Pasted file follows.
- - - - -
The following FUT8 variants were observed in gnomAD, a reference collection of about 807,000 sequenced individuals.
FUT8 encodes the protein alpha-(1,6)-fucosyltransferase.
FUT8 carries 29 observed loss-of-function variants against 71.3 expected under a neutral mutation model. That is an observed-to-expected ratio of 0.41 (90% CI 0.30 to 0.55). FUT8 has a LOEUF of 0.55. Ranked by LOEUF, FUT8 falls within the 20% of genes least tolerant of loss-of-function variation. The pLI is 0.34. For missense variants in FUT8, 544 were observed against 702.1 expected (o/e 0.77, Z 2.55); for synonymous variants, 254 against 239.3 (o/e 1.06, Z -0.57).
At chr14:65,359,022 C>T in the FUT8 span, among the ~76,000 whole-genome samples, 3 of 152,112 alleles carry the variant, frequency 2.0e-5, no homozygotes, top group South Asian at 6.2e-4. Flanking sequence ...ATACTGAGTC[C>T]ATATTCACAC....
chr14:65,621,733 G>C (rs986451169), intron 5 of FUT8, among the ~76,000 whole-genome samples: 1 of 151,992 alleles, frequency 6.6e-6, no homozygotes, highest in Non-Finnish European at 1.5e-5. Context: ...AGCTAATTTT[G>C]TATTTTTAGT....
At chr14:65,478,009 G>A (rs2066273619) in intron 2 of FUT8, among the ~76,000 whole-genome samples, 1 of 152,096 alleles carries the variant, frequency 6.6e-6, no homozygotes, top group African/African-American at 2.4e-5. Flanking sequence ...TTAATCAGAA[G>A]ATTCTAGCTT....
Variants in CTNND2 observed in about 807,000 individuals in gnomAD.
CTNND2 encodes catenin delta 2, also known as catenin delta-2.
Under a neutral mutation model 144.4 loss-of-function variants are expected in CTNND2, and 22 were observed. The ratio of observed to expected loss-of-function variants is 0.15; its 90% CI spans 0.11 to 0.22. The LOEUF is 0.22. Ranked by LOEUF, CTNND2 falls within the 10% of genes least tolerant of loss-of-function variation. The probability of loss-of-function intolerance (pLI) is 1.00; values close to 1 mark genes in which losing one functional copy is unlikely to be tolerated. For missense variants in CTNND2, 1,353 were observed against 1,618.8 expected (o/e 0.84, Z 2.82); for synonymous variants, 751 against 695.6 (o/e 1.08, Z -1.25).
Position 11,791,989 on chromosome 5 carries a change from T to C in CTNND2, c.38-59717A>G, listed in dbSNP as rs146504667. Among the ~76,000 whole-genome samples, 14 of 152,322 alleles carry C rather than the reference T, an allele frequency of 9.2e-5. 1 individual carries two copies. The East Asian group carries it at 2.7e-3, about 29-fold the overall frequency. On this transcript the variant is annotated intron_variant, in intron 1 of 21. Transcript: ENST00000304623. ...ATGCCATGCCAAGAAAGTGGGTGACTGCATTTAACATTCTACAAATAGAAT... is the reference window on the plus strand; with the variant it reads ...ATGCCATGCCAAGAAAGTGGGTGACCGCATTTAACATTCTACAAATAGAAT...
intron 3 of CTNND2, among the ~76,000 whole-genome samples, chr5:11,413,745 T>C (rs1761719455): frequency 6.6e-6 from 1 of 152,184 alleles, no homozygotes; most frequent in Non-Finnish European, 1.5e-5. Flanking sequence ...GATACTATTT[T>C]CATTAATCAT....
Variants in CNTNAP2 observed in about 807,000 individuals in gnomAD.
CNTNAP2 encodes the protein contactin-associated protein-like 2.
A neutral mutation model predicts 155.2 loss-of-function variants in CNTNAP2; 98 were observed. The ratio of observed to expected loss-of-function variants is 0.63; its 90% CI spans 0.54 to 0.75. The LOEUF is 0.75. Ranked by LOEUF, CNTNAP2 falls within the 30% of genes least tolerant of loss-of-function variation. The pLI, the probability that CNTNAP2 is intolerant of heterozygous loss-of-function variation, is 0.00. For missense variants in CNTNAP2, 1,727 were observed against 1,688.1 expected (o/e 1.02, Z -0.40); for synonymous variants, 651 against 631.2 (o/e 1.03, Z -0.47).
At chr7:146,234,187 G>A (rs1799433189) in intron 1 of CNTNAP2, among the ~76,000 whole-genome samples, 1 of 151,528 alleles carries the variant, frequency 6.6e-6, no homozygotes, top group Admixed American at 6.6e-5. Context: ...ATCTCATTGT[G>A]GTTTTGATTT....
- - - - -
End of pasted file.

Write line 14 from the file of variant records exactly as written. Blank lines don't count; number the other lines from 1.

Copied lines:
A neutral mutation model predicts 155.2 loss-of-function variants in CNTNAP2; 98 were observed. The ratio of observed to expected loss-of-function variants is 0.63; its 90% CI spans 0.54 to 0.75. The LOEUF is 0.75. Ranked by LOEUF, CNTNAP2 falls within the 30% of genes least tolerant of loss-of-function variation. The pLI, the probability that CNTNAP2 is intolerant of heterozygous loss-of-function variation, is 0.00. For missense variants in CNTNAP2, 1,727 were observed against 1,688.1 expected (o/e 1.02, Z -0.40); for synonymous variants, 651 against 631.2 (o/e 1.03, Z -0.47).